Damn school nurse...here is a fresh skirt. Is that jelly on the back of that one?? Why did the women of that day have to act like this so natural of events was evil??

Yes...it marked me. For a very long time it marked me.

The blood. The lack of knowledge. The humiliation. The lack of understanding. The lack of a woman telling me it is okay. Damn them all.

I became a woman with that event. That book said so. And so...no more barbie dolls...now onto boys.

Shame to all those women who did not talk to me!! Yes, I blame them. I should not have had to learn so much on my own. My life would have taken a much different path had I known....much more than I did.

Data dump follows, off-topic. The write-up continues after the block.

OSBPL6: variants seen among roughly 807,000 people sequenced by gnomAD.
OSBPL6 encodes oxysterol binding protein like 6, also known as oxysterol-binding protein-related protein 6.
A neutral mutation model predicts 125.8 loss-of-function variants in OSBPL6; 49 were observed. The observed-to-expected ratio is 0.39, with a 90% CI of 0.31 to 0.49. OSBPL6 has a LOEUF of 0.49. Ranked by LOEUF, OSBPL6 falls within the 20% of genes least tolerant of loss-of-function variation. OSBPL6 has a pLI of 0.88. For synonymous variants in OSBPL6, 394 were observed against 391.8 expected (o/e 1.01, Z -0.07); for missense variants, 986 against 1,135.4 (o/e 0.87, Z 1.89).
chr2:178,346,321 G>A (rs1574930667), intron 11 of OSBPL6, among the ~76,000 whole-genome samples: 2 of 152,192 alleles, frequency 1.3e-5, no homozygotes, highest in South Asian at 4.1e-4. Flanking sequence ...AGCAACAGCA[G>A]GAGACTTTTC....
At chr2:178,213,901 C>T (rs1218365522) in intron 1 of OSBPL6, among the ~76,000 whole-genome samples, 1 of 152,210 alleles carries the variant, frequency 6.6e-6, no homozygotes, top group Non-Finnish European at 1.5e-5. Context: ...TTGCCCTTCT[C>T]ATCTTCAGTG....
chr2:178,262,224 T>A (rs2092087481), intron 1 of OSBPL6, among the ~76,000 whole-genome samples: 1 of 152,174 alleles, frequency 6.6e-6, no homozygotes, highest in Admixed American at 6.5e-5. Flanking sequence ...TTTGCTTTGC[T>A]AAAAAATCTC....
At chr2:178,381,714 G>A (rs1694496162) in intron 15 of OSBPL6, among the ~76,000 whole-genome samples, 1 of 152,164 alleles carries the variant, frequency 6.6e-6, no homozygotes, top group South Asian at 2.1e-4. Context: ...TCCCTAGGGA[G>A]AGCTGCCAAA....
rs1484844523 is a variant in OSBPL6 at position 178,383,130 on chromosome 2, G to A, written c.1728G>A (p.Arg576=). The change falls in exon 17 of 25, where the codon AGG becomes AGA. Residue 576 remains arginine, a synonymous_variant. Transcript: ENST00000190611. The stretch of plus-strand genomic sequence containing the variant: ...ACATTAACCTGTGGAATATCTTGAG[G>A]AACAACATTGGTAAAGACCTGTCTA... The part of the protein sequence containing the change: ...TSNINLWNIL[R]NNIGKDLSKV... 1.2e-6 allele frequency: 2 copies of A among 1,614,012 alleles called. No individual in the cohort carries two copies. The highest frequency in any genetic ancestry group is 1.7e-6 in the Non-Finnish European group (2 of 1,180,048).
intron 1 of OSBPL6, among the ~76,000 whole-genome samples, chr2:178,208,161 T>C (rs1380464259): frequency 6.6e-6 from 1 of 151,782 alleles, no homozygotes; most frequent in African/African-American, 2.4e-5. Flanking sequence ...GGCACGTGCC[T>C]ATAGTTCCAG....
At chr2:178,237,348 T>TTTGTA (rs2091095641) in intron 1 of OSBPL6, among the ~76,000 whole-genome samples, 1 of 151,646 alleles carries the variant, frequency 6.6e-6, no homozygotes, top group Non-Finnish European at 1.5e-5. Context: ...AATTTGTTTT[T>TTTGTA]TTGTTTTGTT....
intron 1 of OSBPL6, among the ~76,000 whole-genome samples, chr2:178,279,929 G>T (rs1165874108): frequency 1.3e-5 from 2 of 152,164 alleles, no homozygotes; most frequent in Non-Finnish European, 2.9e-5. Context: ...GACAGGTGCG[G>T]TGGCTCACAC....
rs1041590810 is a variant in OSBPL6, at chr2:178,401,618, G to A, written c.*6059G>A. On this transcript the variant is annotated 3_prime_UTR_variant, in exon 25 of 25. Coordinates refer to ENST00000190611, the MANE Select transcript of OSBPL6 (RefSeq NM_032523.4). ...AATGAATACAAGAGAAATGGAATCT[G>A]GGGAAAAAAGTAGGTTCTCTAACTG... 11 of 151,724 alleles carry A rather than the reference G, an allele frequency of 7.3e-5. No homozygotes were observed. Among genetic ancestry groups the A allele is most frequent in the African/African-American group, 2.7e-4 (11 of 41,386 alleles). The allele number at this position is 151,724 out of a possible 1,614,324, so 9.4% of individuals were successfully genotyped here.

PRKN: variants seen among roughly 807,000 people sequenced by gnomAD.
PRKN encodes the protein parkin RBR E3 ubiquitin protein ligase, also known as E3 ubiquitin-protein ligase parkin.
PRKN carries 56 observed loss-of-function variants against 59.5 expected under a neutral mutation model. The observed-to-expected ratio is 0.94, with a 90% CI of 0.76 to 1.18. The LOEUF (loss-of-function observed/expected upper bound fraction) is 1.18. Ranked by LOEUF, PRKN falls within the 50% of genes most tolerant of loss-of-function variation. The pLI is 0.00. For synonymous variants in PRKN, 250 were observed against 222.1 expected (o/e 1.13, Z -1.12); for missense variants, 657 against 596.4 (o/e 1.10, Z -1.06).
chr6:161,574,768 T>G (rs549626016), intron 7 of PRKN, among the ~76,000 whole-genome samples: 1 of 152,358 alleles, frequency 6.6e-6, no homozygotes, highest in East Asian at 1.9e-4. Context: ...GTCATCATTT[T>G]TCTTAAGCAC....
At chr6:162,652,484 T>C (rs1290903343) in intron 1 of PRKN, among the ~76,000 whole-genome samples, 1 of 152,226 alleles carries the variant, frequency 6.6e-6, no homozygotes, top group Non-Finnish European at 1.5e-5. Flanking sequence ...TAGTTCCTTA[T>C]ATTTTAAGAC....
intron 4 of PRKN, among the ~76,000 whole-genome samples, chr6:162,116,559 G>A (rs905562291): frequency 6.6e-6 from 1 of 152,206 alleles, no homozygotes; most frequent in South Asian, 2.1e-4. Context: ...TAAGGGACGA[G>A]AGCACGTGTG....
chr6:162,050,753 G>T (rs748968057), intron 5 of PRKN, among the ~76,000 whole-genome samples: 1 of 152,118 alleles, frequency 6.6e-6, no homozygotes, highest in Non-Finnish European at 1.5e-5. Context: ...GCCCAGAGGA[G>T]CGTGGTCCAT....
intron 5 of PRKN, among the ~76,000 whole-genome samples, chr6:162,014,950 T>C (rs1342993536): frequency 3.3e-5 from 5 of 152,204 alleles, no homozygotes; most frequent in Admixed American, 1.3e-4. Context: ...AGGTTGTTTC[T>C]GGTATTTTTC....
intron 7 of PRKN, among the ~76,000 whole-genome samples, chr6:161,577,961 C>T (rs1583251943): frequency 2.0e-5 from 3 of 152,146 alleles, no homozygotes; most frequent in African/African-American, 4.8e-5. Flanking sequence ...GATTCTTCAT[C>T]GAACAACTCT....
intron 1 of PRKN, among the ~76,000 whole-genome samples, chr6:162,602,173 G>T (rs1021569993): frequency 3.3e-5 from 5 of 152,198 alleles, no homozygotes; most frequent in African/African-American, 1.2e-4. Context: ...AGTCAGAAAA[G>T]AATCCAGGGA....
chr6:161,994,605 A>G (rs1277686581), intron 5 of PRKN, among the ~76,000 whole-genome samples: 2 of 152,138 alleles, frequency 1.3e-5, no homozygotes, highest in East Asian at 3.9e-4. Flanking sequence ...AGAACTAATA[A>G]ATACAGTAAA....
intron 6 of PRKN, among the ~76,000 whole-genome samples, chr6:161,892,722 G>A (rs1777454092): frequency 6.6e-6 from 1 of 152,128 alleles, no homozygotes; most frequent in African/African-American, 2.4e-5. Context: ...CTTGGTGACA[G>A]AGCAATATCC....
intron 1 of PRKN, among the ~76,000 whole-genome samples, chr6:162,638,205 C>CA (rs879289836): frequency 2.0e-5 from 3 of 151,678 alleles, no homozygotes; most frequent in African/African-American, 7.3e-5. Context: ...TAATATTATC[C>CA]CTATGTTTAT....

My mom is 87...I am 52...what point is there now of regret and hate?



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Comments 1 to 4 of 4
Marta J. (booksnob) - 8/15/2008 2:54 PM ET
I'm also 52, and my mother also gave me a book to read. I suppose that women of that era were too embarrassed to discuss bodily functions, not menstruation and certainly not sex (also a book...)I remember my biggest problem was not knowing how to dispose of those diaper-sized Kotex we had to harness ourselves into! And by the way, a woman's rite-of-passage ceremony in Judaism is "bat mitzvah", just so you know.
Joanne S. (Jorusha) - 8/16/2008 12:29 PM ET